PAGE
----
While Steichen’s military experience challenged his views on photography, at the close of the war his future as an artist was unclear. After briefly contemplating a civilian career in aerial photography, he returned to his home in Voulangis, France, and began making still-life experiments prompted by his interest in modernism and straight photography. These images of objects from his home and garden, which Steichen later referred to as “finger exercises,” were in fact formal studies of shape, volume, scale, and tone that laid the foundation for the techniques that he would employ as a commercial photographer. They were his attempt at obtaining, in poet Carl Sandburg’s words, “the maximum amount of realism.” This image comes from a series in which he constructed visual interpretations of Albert Einstein’s theories regarding the space-time continuum, using common objects as symbols.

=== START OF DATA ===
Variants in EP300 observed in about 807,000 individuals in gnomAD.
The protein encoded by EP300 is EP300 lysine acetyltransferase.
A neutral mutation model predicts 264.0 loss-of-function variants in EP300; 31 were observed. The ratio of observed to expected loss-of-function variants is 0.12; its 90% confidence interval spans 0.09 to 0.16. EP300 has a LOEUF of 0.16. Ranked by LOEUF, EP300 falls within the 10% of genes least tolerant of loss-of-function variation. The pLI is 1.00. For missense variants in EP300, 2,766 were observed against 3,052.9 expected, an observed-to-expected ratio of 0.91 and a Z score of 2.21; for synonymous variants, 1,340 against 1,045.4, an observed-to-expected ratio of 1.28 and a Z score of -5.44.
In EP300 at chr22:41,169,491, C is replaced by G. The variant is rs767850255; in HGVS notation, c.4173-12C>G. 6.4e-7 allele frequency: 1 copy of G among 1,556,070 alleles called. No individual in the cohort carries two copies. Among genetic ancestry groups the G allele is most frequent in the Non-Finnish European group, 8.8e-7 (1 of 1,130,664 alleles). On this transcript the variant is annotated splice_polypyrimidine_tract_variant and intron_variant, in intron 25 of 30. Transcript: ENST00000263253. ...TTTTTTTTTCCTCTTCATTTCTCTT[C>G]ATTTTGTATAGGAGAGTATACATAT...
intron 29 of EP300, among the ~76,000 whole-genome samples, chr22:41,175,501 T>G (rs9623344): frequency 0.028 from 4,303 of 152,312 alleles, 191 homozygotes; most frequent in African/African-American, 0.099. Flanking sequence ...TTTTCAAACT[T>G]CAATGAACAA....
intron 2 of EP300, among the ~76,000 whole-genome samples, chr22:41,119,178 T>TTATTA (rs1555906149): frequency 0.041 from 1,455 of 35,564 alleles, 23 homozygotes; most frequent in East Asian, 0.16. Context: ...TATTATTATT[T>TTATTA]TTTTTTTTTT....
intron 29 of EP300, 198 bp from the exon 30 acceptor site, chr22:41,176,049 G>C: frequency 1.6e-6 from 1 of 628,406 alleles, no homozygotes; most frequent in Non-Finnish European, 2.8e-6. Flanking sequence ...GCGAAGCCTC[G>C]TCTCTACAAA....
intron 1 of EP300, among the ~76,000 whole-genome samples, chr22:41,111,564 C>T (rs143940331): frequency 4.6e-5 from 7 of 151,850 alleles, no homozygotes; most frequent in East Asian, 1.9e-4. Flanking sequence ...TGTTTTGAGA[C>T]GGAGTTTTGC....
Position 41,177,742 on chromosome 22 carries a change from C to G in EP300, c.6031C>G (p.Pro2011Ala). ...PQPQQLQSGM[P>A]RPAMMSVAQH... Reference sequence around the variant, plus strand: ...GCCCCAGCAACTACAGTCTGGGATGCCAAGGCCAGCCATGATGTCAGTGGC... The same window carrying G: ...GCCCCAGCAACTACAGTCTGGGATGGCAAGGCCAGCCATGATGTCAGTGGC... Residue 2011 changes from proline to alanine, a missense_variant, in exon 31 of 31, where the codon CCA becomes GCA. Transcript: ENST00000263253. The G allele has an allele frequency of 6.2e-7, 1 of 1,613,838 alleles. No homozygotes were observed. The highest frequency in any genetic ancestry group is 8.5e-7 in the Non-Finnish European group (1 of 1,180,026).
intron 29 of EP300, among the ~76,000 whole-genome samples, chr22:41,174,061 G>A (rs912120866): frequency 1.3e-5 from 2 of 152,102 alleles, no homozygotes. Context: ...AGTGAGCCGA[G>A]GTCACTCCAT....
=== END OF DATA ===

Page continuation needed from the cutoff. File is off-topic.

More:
Figure 1. Edward J. Steichen (American, born Luxembourg, 1879–1973). Triumph of the Egg, c. 1921. Gelatin silver print; 24 x 19.1 cm. Bequest of Edward Steichen by direction of Joanna T. Steichen and George Eastman House, 1982.314. © 2015 The Estate of Edward Steichen/Artists Rights Society (ARS), New York.